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The Chaffinch – lucky to live in Europe

Chaffinch (Iberian) ( Fringilla coelebs balearica) male in Galicia
Chaffinch (Iberian) ( Fringilla coelebs balearica) male in Galicia

Surprisingly, for such a well-known bird, there are quite a few subspecies, or races of the common Chaffinch, which are based on differences in the pattern and colour of the adult male bird’s plumage. Experts differ concerning the total number of subspecies, some listing 10, 16 or even eighteen races (1, 2). Some are noticeably distinct forms – such as the African chaffinches with their green backs, and the Canary island chaffinches with their blue colours – whilst others may simply be rather similar local variants. A really excellent website, illustrating the distribution of ten Chaffinch subspecies – together with recordings of their songs – is provided by the Xeno-canto Foundation (3). These are all pictures of an Iberian Chaffinch, Fringilla coelebs balearica.

Chaffinch (Iberian) ( Fringilla coelebs balearica) male in Galicia
Chaffinch (Iberian) ( Fringilla coelebs balearica) male in Galicia

Chaffinches which breed in the Iberian peninsula are sometimes listed as a distinct subspecies, F. coelebs balearica, but other authorities consider them to be too similar to the so-called nominate form (F. c. coelebs) – which is found on across Eurasia (from western Europe to Siberia) – to warrant a separate subspecies (4, 5). The resident, breeding chaffinches in Spain apparently have shorter and more rounded wings that birds of the nominate species, which winter in large numbers on the Iberian peninsula (4). The situation is similar to that of the British Isles, where the local race (F. c. gengleri) is joined in winter by large numbers of immigrants from the continent (mainly Scandinavia) (6). In Spain, the foreign, over-wintering Chaffinches mainly come from Finland, Scandinavia, the Baltic States, Germany and Poland, but they have usually all departed for their northern breeding sites by March, or April, at the latest (4). So the chaffinches shown here – all photographed in Galicia, Spain in June – can be safely considered as residents of the balearica race. Like their cousins, the British and Irish Chaffinches, they are fairly sedentary, although those nesting on mountains come down to lower levels in winter (4).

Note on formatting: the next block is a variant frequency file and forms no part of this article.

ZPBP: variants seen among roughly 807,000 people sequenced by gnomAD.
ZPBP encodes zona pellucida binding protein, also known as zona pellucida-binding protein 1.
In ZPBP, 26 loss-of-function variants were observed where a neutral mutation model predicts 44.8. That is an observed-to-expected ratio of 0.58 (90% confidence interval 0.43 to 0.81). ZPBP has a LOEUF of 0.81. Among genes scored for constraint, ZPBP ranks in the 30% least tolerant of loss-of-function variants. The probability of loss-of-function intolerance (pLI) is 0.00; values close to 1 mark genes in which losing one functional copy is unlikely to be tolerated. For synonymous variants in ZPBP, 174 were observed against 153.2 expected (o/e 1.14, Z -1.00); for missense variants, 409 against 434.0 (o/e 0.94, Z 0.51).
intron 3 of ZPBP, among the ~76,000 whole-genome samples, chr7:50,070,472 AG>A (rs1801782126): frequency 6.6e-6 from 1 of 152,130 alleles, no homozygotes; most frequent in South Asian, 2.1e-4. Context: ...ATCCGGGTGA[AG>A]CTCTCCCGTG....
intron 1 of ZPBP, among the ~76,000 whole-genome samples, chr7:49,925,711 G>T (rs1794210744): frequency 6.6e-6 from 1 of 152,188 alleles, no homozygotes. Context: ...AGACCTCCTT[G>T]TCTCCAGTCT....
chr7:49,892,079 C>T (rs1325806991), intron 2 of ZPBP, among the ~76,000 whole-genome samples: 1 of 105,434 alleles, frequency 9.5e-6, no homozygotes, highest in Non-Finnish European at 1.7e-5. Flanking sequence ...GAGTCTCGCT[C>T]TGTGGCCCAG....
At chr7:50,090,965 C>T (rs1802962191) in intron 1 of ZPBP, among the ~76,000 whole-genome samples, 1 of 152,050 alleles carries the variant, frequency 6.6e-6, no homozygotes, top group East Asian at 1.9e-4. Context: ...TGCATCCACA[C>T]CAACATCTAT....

Chaffinch (Iberian) ( Fringilla coelebs balearica) male in Galicia
Chaffinch (Iberian) ( Fringilla coelebs balearica) male in Galicia

According to Birdlife, the global chaffinch population is c.527,000,000-1,440,000,000 individuals (7), which must make it a contender for being one of the world’s most abundant birds? The population in Spain may be as high as 36 million birds, with another 1-5 million pairs living in Portugal (4). Whilst there is considerable migration of this species across Europe (and Eurasia), it is for the most part not a migrant which has to brave the hazards of flying to Africa. The exception being those chaffinches which migrate across the Straits of Gibraltar to Morocco.

Chaffinch (Iberian) ( Fringilla coelebs balearica) male in Galicia
Chaffinch (Iberian) ( Fringilla coelebs balearica) male in Galicia

So, this species can be thankful it does not have to brave all the hunters and trappers on islands like Malta and Cyprus (8, 9); and unlike some of its passerine cousins, it can avoid the slaughter that goes on in the Lebanon (10); and it does not have to negotiate the miles of nets being set in countries like Egypt to trap millions of migratory birds (11). And finally, it does not have to navigate the huge natural obstacle called the Sahara desert! Like many of us, it is lucky to live in Europe.

Chaffinch (Iberian) ( Fringilla coelebs balearica) in Galicia
Chaffinch (Iberian) ( Fringilla coelebs balearica) in Galicia




4. Eduardo de Juana & Ernest Garcia (2015).  The Birds of the Iberian Peninsula. Christopher Helm, London. ISBN Number: 978-1-40812-480-2

5. Collar, Nigel; Newton, Ian; Clement, Peter; Arkhipov, Vladimir. 2010 Family Fringillidae (Finches). In: del Hoyo, Josep; Elliott, Andrew; Christie, David A., (eds.) Handbook of the Birds of the World v.15. Lynx Edicions.

6. Wernham, Chris. “{The Migration Atlas: Movements of the Birds of Britain and Ireland}.” (2002).






rcannon992 View All

I am a retired entomologist with a background in quarantine pests and invasive invertebrates. I studied zoology at Imperial College (University of London) and did a PhD on the population dynamics of a cereal aphid (Metopolophium dirhodum) in the UK. I spent 5 years with the British Antarctic Survey studing cold hardiness of Antarctic invertebates and 17 years with the Food and Environment Research Agency. My main interests now are natural history, photography, painting and bird watching.

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